Judge Orders Comptroller to Testify Under Oath on Data Breach
A Travis County judge has ruled that Texas Comptroller Susan Combs must submit to a three-hour deposition to answer questions related to the largest data leak in Texas history. Combs issued a statement this afternoon saying she will appeal.
The comptroller revealed in April that the personal information of 3.5 million current and former state employees was stored on a publicly accessible computer server for about a year.
Travis County District Judge Rhonda Hurley yesterday ruled that Combs must submit to questioning under oath by the Texas Civil Rights Project and lawyers Jim Harrington and Chuck Herring. The deposition may be conducted at any location, and a court reporter will be present and taking notes for its duration.
“She can’t fudge on it, as she could do if it were sort of a political press conference that she’s done in the past,” Harrington told KUT News. “This helps us get a better understanding of why the problems occurred.”
As we reported in April, the move is a first step by the Texas Civil Rights Project on a possible lawsuit.
Update at 4:07 pm: Comptroller Combs' office issued this statement indicating she will appeal the deposition order.
The Comptroller is deeply sorry for the data exposure that happened, and the agency has been taking actions to help those who were affected and implementing new policies and procedures to help ensure this never happens again. The Attorney General’s office is representing the state in the legal action in Travis County District Court and will appeal the court’s ruling on the deposition.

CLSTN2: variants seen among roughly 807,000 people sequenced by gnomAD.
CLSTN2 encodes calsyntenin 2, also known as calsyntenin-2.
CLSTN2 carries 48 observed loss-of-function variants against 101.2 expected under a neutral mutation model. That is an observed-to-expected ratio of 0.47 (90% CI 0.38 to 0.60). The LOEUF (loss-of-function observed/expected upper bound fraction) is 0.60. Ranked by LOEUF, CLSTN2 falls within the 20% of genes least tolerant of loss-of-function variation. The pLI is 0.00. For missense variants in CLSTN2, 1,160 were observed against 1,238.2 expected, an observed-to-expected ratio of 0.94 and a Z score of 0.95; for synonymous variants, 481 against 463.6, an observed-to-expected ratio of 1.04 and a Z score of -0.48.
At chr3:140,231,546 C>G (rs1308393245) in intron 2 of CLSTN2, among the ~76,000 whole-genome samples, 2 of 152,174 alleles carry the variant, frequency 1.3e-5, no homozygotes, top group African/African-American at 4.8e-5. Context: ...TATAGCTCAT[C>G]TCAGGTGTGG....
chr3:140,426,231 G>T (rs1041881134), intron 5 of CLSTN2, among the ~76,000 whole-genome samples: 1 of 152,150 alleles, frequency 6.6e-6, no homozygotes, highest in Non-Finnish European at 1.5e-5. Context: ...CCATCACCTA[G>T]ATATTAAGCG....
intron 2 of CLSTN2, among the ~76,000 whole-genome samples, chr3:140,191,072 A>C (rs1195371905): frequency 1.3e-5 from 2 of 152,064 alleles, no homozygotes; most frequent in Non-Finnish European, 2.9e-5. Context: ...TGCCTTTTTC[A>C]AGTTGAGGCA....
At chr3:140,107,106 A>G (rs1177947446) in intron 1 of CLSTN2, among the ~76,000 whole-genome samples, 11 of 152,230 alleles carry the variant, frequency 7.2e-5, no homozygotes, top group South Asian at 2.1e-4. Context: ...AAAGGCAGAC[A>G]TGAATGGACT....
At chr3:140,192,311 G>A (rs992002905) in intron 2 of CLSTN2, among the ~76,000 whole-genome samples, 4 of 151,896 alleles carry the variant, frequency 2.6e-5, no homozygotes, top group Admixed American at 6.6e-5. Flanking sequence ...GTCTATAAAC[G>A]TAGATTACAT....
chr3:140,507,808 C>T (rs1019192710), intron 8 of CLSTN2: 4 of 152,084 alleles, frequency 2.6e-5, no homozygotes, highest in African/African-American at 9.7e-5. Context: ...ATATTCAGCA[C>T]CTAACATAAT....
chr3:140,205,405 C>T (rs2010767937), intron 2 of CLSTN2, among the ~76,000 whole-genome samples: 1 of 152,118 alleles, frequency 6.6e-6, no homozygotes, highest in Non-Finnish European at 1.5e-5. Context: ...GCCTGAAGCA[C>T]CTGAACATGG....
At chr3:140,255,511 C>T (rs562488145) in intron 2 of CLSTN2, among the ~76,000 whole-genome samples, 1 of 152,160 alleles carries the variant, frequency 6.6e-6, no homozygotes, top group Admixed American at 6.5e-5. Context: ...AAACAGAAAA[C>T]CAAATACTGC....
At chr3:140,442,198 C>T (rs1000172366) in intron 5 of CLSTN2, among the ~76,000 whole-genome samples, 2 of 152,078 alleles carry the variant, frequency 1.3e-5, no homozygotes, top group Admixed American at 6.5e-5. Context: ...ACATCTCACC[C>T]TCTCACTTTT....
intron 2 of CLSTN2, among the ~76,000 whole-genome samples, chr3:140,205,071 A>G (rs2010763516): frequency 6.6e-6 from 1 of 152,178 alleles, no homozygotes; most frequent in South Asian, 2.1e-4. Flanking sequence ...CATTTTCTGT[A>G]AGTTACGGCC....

Earlier: In a news release, the Texas Civil Rights Project said lawyers want to ask Combs about these specific issues:
(1) the reason the Comptroller’s Office made public the personal information of 3.5 million Texans; (2) how and why the illegal disclosures occurred; (3) the identity of all persons responsible for the disclosures, both in the Comptroller’s Office and in any other state agencies who were involved in the disclosure; (4) the specific procedures, rules, and regulations that Comptroller Combs and the Comptroller’s Office violated; (5) Why Combs and her office allegedly failed to learn of the disclosures for almost a year, and exactly how and when they did learn of the disclosures; (6) why Combs and her office delayed in releasing information concerning the disclosures after they learned of the disclosures, allegedly on or about March 31, 2011; (7) the extent to which Combs and her office violated the Texas Constitution, Texas statutes, Texas agency rules and regulations, and federal law; (8) the number of Texans who have been victimized by the release of names, addresses, social security numbers, driver’s license numbers, and other personal information; and (9) what damages and financial losses Combs and her office have caused Texas taxpayers to date, and what further damages, expenses, losses will result in the future because of the improper disclosures; who will pay those amounts, and who will be held ultimately responsible for them.